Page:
Example of effectiveness of a prescribed burning programme in controlling major forest fires—the 2005 Perth Hills fire
by Rick Sneeuwjagt
An outstanding example of the contribution of fuel reduction burning in the control of a fierce forest wildfire was on the 15-25 January 2005, in the Perth Hills, also known as the Pickering Brook fire.
In the absence of a fuel reduction burning program conducted over many years, hundreds of homes would have been destroyed and lives threatened. The prescribed burns saved the day.
The fire was started by seven separate ignitions lit by an arsonist in State forests in the hills east of Perth. Despite a massive suppression effort, these fires joined up on the first night under the influence of strong easterly winds, and continued to expand over the next couple of days taking fire onto the outskirts of densely populated suburbs. However, before the fire reached the suburbs, the front ran into extensive bands of two, three and four year old fuels resulting from prescribed burns. Firefighters were able to readily suppress relatively mild intensity fires in the low fuel areas, and then focus on direct attack on those sections of the fire perimeter where fuels had not been reduced.
Fig_ 1: The Pickering Brook fire smoke column on 17 January 2005 as seen from the Perth CBD (Photo Emma Rose)
Fig. 2: Perimeter of the Pickering Brook fire (blue outline) in relation to fuel-reduced areas and the Perth metropolitan area.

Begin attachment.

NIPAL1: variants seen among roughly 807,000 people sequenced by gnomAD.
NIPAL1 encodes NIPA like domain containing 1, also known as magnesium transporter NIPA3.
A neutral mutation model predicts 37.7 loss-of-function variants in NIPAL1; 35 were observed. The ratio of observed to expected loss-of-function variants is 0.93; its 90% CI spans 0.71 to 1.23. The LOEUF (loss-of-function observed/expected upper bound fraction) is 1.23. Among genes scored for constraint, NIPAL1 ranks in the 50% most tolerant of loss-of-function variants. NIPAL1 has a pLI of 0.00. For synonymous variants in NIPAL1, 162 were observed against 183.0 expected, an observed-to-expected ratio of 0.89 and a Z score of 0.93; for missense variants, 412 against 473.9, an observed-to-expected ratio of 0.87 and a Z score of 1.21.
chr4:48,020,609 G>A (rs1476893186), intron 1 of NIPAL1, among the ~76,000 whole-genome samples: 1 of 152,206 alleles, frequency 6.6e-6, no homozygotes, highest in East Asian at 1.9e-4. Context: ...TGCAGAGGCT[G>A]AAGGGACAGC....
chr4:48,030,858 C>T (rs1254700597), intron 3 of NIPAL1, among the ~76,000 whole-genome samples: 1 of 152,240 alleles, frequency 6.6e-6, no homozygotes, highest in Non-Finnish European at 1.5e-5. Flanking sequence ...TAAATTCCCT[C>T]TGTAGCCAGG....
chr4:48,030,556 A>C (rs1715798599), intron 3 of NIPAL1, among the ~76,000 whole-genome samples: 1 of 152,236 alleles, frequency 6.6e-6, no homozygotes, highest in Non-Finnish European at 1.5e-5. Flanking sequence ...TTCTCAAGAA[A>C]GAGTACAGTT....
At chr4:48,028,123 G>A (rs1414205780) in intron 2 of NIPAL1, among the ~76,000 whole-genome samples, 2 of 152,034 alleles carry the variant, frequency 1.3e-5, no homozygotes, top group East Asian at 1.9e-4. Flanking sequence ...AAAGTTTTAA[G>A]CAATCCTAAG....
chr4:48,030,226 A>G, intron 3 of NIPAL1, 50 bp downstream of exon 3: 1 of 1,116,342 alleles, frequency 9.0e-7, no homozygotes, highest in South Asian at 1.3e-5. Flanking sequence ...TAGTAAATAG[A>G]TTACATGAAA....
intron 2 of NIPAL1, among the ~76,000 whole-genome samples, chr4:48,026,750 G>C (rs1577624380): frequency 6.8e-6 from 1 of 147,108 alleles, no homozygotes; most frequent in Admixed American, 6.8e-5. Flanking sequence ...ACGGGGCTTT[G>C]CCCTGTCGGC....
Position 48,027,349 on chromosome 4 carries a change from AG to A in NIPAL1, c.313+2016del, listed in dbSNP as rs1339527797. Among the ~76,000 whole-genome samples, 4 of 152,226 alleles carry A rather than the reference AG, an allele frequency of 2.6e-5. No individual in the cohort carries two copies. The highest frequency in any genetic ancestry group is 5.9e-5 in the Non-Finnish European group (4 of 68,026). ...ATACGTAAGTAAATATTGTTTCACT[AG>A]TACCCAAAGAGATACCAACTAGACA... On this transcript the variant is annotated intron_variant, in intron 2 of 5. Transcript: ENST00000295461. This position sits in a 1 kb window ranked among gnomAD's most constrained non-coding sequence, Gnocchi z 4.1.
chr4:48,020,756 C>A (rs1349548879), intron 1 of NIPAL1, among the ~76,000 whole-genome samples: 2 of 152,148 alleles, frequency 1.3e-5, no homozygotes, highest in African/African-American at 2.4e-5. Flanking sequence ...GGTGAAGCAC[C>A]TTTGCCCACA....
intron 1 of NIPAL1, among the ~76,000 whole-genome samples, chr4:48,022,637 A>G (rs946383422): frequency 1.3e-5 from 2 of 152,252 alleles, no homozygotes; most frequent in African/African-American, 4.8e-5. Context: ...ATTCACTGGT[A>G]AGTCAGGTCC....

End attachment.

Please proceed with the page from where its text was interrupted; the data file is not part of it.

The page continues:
A detailed assessment of the behaviour of the Pickering Brook fire was undertaken by fire scientist Dr Phil Cheney of the CSIRO (Cheney 2010). He reconstructed the fires during the initial westerly and south-westerly spread on 15-17 January 2005. The analysis showed that the fires burnt vigorously in fuels that ranged in age from 16 to 26 years old. The main tongues of the headfire were observed to spread rapidly at rates ranging from 600 to 1,600 m/hour with episodes of crown fires.
Cheney found that under the fire weather conditions that prevailed on the 17 January, the rate of spread in the 20 year-old fuel was six times faster than that in three year-old fuels; the intensity of the fire in the 20 year-old fuel was more than 20 times that in three year-old fuel.
Given a record of the weather conditions and fuel types at the time, Cheney was able to project the perimeter of the Pickering Brook fire, had there been no fuel reduction burning in the past 20 years in its path. His projection revealed that effective suppression would have not been possible due to the severe and erratic fire behaviour with the headfire burning at speeds of between 1,800 and 5,000 m/hour. He estimated that the fire would have burnt into suburban areas in less than 24 hours after ignition His conclusion was that in the absence of the fuel reduction burning program, the Pickering Brook fire would have resulted in extensive damage to homes and loss of life in these suburbs.
Fig 3: The location of the projected fire under a 20 year old fuel scenario (black outline) in comparison with the actual fire perimeter (purple outline).
Cheney, N.P. (2010) Fire Behaviour during the Pickering Brook wildfire, January 2005 ( Perth Hills Fires 71 – 80). Conservation Science W.Aust. 7(3).; 451-468
Sneeuwjagt, R.J. (2008) Prescribed burning: How effective is it in the control of large bushfires? Presented at the International Bushfire Research Conference incorporating the 15th Annual AFAC Conference, Adelaide Convention Centre, 1-3 September 2008. Department of Environment and Conservation